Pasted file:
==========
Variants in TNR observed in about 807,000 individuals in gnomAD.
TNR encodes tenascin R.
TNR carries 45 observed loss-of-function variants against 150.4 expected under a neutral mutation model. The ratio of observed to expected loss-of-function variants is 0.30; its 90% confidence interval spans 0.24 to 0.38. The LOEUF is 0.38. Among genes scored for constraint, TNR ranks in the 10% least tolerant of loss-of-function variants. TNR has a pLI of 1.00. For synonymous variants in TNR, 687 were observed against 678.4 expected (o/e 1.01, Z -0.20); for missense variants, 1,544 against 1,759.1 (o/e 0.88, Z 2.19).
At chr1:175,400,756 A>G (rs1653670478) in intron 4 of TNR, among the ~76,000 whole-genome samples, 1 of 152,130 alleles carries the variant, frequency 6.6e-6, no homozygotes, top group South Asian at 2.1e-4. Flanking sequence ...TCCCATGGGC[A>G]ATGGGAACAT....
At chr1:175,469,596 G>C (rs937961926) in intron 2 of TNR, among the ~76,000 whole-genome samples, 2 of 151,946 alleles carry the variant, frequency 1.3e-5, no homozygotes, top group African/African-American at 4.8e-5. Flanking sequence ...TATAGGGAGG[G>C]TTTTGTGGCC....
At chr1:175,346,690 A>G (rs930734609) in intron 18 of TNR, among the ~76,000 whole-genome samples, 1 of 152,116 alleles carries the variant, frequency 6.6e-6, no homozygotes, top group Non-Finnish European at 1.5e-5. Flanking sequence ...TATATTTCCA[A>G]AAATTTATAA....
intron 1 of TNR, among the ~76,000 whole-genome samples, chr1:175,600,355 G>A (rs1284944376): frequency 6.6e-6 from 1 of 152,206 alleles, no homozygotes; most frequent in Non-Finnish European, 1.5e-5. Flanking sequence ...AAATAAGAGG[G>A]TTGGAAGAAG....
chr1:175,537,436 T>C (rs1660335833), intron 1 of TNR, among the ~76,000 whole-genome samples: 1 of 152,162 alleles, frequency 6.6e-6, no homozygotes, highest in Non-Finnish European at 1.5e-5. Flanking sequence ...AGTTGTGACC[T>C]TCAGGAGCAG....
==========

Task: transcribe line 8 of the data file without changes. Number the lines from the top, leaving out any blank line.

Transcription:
chr1:175,537,436 T>C (rs1660335833), intron 1 of TNR, among the ~76,000 whole-genome samples: 1 of 152,162 alleles, frequency 6.6e-6, no homozygotes, highest in Non-Finnish European at 1.5e-5. Flanking sequence ...AGTTGTGACC[T>C]TCAGGAGCAG....